There is a popular school of thought that suggests that we become an average of the five people we spend the most time with. Of course, here’s a bit of who-first logic? The hen or the egg. We are generally attracted to people who share our own values, passions, and lifestyle choices. We choose to spend time with people we love and respect, and by doing so we hope to know their positive qualities, however, we do not always reaffirm that good thing that the other person has about us, getting together with people with very marked negative traits can even become that too.
Getting together with people like that could infect you
A study in France found that certain undesirable personality traits – specifically laziness, impatience, and excessive risk aversion – can, in fact, be contagious.
These three traits may seem like an arbitrary assortment, but they actually have a lot to do with each other. Specifically, they are all strong motivators when it comes to making decisions. In fact, they are three of the most common reasons why people do not do their best for themselves and others.
Laziness prevents us from dedicating ourselves to hard work. Impatience prevents us from making wise decisions. Excessive risk aversion can prevent us from setting and achieving ambitious goals.
As a result, choosing to spend time with people who accept these qualities can prevent us from reaching our full potential.
Rather, hanging out with hard-working people , delaying gratification, and taking risks with a balanced sense of wisdom and courage can help us develop these qualities in their own right. The greatest rewards in life often involve risk, patience, and, of course, a lot of hard work. Developing a good attitude toward these ideals can be crucial to success.
Being lazy, impatient and fearful of risks is hard to change
Until now, these three personality traits have been considered “ingrained” traits, meaning they are difficult to change, explained Jean Daunizeau, a team leader in the motivation, brain and behavior group at the Brain and Spine Institute (ICM). in Paris and lead author of the study. Until now, the scientific community has thought that these three traits are at least partially genetic.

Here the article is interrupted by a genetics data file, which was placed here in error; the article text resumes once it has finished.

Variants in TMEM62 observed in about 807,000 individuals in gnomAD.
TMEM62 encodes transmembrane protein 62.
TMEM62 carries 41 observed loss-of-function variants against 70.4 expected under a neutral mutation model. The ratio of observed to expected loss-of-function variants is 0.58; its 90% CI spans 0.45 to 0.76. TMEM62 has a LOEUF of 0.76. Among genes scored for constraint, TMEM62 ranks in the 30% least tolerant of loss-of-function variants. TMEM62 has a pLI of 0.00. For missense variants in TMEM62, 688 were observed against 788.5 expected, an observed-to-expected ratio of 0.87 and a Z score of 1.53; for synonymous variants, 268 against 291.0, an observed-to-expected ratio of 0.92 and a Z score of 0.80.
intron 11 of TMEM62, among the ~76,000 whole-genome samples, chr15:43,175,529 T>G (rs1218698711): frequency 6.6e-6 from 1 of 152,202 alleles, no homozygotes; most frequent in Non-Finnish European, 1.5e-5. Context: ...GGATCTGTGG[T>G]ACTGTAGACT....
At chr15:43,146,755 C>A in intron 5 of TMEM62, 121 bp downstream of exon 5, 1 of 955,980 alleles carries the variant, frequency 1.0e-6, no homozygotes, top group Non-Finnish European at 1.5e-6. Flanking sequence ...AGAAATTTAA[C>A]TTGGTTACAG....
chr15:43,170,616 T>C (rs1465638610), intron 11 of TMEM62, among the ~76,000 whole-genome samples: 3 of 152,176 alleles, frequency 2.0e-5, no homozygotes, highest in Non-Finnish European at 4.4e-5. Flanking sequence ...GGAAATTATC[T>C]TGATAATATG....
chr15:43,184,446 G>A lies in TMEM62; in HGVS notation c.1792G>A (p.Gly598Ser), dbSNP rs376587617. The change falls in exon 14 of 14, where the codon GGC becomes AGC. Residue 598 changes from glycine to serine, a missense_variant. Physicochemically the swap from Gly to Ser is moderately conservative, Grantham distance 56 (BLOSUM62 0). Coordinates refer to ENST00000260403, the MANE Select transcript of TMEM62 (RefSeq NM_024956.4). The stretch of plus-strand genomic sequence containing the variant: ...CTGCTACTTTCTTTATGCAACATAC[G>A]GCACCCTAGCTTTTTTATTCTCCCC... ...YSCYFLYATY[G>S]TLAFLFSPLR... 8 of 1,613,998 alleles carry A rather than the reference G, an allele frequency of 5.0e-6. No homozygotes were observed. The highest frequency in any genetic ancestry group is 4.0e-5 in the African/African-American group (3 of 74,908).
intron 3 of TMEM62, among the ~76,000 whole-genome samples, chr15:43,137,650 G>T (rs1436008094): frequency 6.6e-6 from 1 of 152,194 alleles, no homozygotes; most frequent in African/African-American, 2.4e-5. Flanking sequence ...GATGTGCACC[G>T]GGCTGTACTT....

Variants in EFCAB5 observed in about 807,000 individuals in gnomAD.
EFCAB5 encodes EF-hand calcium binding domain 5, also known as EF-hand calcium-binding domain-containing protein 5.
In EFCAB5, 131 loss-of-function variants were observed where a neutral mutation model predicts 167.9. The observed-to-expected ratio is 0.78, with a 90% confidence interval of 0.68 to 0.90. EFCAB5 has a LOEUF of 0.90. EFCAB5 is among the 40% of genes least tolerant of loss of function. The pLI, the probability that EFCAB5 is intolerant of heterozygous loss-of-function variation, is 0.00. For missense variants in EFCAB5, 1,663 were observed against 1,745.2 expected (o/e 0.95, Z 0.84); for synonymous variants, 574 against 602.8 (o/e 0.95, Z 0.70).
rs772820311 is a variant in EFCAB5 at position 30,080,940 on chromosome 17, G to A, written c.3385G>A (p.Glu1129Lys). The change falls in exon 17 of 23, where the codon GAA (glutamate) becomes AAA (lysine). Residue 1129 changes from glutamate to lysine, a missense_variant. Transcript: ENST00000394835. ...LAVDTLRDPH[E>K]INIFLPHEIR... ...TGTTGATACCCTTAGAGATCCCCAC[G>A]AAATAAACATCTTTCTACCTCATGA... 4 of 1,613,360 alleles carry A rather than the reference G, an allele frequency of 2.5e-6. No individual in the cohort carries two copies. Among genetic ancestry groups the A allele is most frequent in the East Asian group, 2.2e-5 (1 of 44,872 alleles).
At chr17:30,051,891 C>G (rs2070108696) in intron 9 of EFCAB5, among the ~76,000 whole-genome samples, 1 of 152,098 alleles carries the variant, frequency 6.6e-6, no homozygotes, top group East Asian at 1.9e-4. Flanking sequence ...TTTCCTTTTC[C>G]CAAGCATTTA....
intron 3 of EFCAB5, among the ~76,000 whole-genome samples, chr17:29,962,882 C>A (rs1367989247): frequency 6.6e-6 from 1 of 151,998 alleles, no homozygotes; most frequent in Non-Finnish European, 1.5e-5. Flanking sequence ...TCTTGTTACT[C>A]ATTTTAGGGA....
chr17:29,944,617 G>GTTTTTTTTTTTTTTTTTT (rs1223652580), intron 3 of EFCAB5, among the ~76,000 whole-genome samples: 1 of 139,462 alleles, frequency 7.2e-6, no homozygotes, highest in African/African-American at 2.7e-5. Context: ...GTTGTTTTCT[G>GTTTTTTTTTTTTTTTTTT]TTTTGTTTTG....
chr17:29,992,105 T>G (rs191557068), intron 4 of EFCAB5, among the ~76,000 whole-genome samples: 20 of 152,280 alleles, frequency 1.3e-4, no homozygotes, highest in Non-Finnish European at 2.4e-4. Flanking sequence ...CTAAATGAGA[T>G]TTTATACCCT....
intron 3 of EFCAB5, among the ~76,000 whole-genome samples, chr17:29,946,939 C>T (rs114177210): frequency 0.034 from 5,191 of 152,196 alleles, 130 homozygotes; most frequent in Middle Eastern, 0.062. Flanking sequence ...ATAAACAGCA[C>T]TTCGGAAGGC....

Researchers previously believed that these attitudes should be immune to environmental influences, such as social influence, especially in adulthood. However, the results of this research suggest that this may not be the case. According to Daunizeau, it is quite possible for people to subconsciously align their attitudes regarding these traits to align with those around them .
The study was conducted with fifty-six healthy participants, each completing a series of tasks. In each task, they were asked to choose between two alternatives, for example, a smaller payment now or a larger one later, or a small safe payment versus a riskier large one. Then, they were asked to guess what someone else’s decision would be on a similar task. After making their own choice, the participants were told how the “other person” had responded. However, the other person was actually fictitious: their decisions were based on a computer model that the researchers had developed. This model was designed to reflect the way people learn and are influenced by the choices of others.. Finally, the participants were asked to repeat the original task.
After the participants had absorbed the attitudes of the computer model, their own choices began to reflect what they had seen. If they observed that the participants in the computer model were lazy, impatient, or risk-averse, they began to act in the same way. The opposite dynamic also held true. In essence, the study participants began to mimic the behaviors that they thought they had observed in other people.
How Socially Contagious Behaviors Work
There are two possible explanations, both of which probably contribute to this effect.
First of all, it is in our nature as human beings to want to fit in with our peers. Our need for social conformity and acceptance is based on evolutionary need, and it’s hard to remove even from our most intentional and personal decision-making. It is quite possible that we can unconsciously alter these important personal traits to reflect the attitudes of our social environment.
Another explanation is that we imitate the behavior of others because we trust their ability to make wise decisions. If everyone around us makes a certain choice, we suspect they have a good reason to do so. When our decision differs from the group, we may wonder if they have information, education or experience that we do not have.
“I maintain that a strongly marked personality can influence descendants for generations,” wrote Beatrix Potter. What kind of behavioral imprint are you leaving on your peers? What impact do they have on your decisions? Are you choosing the right friends?